An artist never betrays her patron . . . especially one of the world’s most powerful kings.
Susanna Horenbout has learned this lesson from the cradle. But when she receives a letter from her father telling her to do just that, she faces a dilemma. Betray Henry VIII, or carry out the request of her father’s employer, Margaret of Austria, and pass secret information to Henry’s queen, Katherine of Aragon.
Caught between the machinations of her husband and her nephew, the Emperor Charles, Queen Katherine needs all the allies she can get. But what can Susanna really do to help her, and even if she does, will it be enough?
Susanna and her betrothed, Parker——one of Henry’s most trusted courtiers——balance on the knife’s edge of treason as they try to make sense of both international and domestic conspiracies. Sometimes, it’s better the enemy you know . . .
This was a tightly-plotted and quick-moving mystery set in the reign of Henry VIII and is the third in Ms Diener’s series featuring John Parker and Susanna Horenbout. Parker and Susanna met in In a Treacherous Court when she was sent to England from Flanders to work as a court painter.
By the end of that story, the pair were lovers and had become betrothed. At the beginning of this book, they have yet to marry, although they seem to be living together fairly openly.
Both Parker and Susanna really existed and were really married to each other, although of course, the events of the mysteries are completely fictional. From her detailed author’s note, it’s clear that Ms Diener has done her homework, as the story is impeccably researched and the London locations well described.
In this story, Susanna is caught up in a plot to get an important message to Queen Katherine (Henry VIII’s first wife) regarding the marriage contracted between her daughter Mary and the Holy Roman Emperor, Charles. As the plot thickens, Susanna is arrested for treason on the orders of Cardinal Wolsey, who, it appears, holds a grudge against her for something which happened in the previous book in the series. About half of the story is taken up with Susanna’s imprisonment and Parker’s desperate attempts to keep her from being thrown into the dungeons at Wolsey’s command, at the same time as he is trying to track down the shadowy French assassin, Jean (who appeared in the previous book) and get to the bottom of the mystery surrounding the message Susanna was given, the involvement of her brother, Lucas, and finding out who is running a network of double agents.
And as if all that is not enough, his investigations lead him to uncover a plot against the life of the young Henry Fitzroy, the king’s bastard son.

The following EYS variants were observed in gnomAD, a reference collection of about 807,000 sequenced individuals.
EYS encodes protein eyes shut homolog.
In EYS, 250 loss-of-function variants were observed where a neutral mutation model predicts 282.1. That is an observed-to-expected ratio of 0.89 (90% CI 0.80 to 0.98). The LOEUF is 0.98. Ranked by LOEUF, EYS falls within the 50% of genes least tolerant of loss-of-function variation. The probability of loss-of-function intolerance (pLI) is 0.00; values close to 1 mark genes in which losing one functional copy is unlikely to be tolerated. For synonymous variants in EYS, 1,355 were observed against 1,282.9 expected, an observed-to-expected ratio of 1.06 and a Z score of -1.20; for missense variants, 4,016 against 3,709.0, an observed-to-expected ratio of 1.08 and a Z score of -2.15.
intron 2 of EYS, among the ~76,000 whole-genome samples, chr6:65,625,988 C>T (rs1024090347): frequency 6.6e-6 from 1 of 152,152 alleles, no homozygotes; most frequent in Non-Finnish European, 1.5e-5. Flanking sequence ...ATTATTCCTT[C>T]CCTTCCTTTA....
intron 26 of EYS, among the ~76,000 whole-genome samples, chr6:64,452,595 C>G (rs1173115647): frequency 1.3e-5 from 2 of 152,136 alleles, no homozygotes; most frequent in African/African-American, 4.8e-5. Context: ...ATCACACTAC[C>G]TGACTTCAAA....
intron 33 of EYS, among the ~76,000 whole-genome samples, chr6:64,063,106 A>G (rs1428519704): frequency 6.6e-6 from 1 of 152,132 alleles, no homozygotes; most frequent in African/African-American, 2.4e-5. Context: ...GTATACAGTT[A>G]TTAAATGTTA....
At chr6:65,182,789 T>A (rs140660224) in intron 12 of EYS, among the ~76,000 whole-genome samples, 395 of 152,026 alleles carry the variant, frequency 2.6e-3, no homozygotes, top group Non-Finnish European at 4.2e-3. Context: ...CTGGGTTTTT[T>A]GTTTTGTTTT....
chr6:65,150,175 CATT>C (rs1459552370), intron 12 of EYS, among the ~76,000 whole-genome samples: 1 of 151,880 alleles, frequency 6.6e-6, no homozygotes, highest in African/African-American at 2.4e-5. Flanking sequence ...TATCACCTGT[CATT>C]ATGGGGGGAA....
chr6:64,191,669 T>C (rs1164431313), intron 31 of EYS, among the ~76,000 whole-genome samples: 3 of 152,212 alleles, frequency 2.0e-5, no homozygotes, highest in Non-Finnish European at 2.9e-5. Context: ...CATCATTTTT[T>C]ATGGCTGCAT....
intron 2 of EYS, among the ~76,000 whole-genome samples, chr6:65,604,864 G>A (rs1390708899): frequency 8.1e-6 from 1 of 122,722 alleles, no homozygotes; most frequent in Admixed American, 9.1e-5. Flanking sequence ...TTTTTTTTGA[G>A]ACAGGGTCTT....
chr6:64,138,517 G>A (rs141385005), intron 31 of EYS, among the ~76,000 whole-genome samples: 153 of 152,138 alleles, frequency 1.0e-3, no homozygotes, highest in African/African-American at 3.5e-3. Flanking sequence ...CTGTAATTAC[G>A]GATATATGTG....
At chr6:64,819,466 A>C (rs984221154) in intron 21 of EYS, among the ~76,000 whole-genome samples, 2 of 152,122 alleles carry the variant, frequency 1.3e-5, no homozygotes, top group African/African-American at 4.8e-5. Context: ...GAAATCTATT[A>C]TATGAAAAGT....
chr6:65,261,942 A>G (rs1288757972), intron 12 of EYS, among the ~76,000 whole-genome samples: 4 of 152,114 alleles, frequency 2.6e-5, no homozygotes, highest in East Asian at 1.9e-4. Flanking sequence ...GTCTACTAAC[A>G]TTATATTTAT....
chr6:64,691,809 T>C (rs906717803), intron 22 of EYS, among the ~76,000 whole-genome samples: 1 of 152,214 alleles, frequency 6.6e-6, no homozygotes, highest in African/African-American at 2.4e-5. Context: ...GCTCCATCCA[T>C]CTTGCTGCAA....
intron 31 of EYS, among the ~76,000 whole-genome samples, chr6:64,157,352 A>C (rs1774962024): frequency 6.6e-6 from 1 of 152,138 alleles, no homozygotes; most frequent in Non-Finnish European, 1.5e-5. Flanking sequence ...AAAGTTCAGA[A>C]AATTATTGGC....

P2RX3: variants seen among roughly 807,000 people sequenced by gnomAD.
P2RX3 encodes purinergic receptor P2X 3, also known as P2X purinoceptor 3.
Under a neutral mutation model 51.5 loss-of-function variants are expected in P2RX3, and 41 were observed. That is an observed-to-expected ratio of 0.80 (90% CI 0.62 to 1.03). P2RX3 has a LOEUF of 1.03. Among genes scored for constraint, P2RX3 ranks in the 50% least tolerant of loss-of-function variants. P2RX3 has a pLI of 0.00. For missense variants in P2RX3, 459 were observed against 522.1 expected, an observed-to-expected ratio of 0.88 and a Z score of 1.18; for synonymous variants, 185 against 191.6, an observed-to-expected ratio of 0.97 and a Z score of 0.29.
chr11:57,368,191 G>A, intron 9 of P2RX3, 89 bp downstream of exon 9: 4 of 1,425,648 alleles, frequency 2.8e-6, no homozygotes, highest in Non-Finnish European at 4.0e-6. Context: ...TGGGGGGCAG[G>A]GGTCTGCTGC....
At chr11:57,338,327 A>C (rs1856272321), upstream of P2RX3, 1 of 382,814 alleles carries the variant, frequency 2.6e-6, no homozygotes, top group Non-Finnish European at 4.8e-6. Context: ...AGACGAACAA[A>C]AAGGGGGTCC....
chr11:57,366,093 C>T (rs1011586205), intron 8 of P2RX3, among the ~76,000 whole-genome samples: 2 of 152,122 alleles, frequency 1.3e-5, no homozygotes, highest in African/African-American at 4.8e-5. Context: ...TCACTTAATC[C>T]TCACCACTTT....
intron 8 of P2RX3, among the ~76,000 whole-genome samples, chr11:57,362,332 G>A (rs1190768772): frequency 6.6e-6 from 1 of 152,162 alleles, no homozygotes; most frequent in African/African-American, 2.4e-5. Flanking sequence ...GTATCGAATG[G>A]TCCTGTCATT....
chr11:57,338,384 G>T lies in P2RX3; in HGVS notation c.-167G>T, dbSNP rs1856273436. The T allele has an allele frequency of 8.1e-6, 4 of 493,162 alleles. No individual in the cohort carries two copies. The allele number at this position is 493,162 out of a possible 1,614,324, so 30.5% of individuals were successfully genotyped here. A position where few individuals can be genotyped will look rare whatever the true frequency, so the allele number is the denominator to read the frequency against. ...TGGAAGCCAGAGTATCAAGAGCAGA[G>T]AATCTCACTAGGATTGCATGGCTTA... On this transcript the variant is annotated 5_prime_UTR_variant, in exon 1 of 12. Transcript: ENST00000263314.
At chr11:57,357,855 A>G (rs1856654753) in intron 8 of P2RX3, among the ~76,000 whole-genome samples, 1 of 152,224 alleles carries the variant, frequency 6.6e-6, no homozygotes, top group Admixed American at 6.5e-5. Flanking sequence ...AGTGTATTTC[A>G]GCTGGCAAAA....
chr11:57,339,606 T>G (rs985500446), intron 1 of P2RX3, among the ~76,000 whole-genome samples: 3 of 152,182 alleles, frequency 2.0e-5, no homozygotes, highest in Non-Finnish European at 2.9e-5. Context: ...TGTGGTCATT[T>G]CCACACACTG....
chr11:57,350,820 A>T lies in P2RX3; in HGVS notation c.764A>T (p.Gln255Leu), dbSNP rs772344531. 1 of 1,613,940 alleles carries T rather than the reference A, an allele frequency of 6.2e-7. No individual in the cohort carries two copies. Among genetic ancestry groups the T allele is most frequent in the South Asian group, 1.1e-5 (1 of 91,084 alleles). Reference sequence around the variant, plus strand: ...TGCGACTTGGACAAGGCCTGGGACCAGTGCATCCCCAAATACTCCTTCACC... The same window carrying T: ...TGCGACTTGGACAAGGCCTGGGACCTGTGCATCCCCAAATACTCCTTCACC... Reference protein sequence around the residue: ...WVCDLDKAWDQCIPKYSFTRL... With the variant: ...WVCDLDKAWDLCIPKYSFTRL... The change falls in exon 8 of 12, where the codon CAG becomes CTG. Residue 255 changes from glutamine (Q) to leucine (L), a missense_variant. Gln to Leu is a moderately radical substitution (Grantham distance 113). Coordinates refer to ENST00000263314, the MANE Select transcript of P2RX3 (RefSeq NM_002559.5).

While it’s clear that Ms Diener’s research has been extensive, especially in her descriptions of the Tower and of the London streets, there were a couple of other things that didn’t sit quite right. One of these was the way that Wolsey, who was a clever, manipulative and very powerful man, was shown making his way with his guards through the streets of London in order to capture Susanna and have her incarcerated in the dungeons of the Tower. I just couldn’t see such a powerful figure doing his own dirty work, and in the scenes in which he is repeatedly thwarted by the efforts of Parker and his men, Wolsey seemed to have been reduced to the sort of villain one might find in an episode of Scooby Doo.
While I enjoyed the story and, as I’ve said above felt it was well-paced, I did feel it lacked a certain depth. I haven’t read the earlier books in the series, which meant I wasn’t aware of what had caused Wolsey’s animosity towards Susanna, although I don’t think it is completely necessary to have all the details as what Ms Diener gives us is sufficient explanation and is enough drive the plot forward. The characterisations of both Parker and Susanna was rather static, however. Although there is definitely a romantic element to the book, as the pair are an established couple, the focus is less on their relationship and more on the mystery, so the story is plot, rather than character driven.
That said, both protagonists were engaging, and I thought Parker was a particularly attractive hero. He’s a fairly powerful member of the court, well-respected and highly intelligent; while Susanna, a woman in a man’s world, is well aware that her position is an unusual one and knows she has to tread carefully. I also thought Ms Diener captured the capricious nature of Henry VIII very well. His temper is uncertain and one could be in favour one moment and out of it the next, as Parker has already discovered.
Overall, In Defense of the Queen (and how it galls me to type “defense” instead of “defence”, which is the correct spelling!) was fast-paced and enjoyable, and I thought the relationship between John and Susanna was well-drawn even if its progress had to run second to Parker’s quest to save Susanna’s life and rescue her from the Tower. I’m going to seek out the two previous stories in the series and would certainly be interested in reading more books featuring the couple.